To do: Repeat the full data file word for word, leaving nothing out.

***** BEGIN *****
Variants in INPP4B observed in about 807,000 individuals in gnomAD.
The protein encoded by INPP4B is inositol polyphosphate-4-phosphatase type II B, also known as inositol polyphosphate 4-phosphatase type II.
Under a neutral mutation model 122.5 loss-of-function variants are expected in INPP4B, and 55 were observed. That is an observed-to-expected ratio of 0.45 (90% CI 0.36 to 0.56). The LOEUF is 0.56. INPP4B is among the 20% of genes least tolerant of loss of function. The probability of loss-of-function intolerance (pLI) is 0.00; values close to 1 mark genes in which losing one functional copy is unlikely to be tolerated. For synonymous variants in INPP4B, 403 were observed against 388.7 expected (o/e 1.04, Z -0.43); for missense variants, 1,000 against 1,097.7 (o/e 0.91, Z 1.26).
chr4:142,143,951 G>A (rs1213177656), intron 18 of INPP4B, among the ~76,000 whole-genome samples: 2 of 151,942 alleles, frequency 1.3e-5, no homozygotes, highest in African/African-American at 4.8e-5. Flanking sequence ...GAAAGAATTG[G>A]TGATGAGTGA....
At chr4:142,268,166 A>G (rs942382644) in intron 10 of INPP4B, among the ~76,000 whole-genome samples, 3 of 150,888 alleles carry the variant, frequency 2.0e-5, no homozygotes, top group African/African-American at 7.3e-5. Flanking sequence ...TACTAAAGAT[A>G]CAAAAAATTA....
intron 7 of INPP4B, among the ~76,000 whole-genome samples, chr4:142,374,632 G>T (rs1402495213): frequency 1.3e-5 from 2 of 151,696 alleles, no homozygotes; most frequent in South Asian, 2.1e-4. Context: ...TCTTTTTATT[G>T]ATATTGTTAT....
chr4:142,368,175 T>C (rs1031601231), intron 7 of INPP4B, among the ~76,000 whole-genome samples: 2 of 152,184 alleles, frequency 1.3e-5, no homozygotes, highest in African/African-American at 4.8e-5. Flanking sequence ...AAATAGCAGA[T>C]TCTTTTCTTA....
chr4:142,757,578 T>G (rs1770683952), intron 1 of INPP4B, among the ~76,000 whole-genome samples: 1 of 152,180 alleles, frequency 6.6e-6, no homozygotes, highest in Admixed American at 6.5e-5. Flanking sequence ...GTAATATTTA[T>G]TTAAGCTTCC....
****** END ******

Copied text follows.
Variants in INPP4B observed in about 807,000 individuals in gnomAD.
The protein encoded by INPP4B is inositol polyphosphate-4-phosphatase type II B, also known as inositol polyphosphate 4-phosphatase type II.
Under a neutral mutation model 122.5 loss-of-function variants are expected in INPP4B, and 55 were observed. That is an observed-to-expected ratio of 0.45 (90% CI 0.36 to 0.56). The LOEUF is 0.56. INPP4B is among the 20% of genes least tolerant of loss of function. The probability of loss-of-function intolerance (pLI) is 0.00; values close to 1 mark genes in which losing one functional copy is unlikely to be tolerated. For synonymous variants in INPP4B, 403 were observed against 388.7 expected (o/e 1.04, Z -0.43); for missense variants, 1,000 against 1,097.7 (o/e 0.91, Z 1.26).
chr4:142,143,951 G>A (rs1213177656), intron 18 of INPP4B, among the ~76,000 whole-genome samples: 2 of 151,942 alleles, frequency 1.3e-5, no homozygotes, highest in African/African-American at 4.8e-5. Flanking sequence ...GAAAGAATTG[G>A]TGATGAGTGA....
At chr4:142,268,166 A>G (rs942382644) in intron 10 of INPP4B, among the ~76,000 whole-genome samples, 3 of 150,888 alleles carry the variant, frequency 2.0e-5, no homozygotes, top group African/African-American at 7.3e-5. Flanking sequence ...TACTAAAGAT[A>G]CAAAAAATTA....
intron 7 of INPP4B, among the ~76,000 whole-genome samples, chr4:142,374,632 G>T (rs1402495213): frequency 1.3e-5 from 2 of 151,696 alleles, no homozygotes; most frequent in South Asian, 2.1e-4. Context: ...TCTTTTTATT[G>T]ATATTGTTAT....
chr4:142,368,175 T>C (rs1031601231), intron 7 of INPP4B, among the ~76,000 whole-genome samples: 2 of 152,184 alleles, frequency 1.3e-5, no homozygotes, highest in African/African-American at 4.8e-5. Flanking sequence ...AAATAGCAGA[T>C]TCTTTTCTTA....
chr4:142,757,578 T>G (rs1770683952), intron 1 of INPP4B, among the ~76,000 whole-genome samples: 1 of 152,180 alleles, frequency 6.6e-6, no homozygotes, highest in Admixed American at 6.5e-5. Flanking sequence ...GTAATATTTA[T>G]TTAAGCTTCC....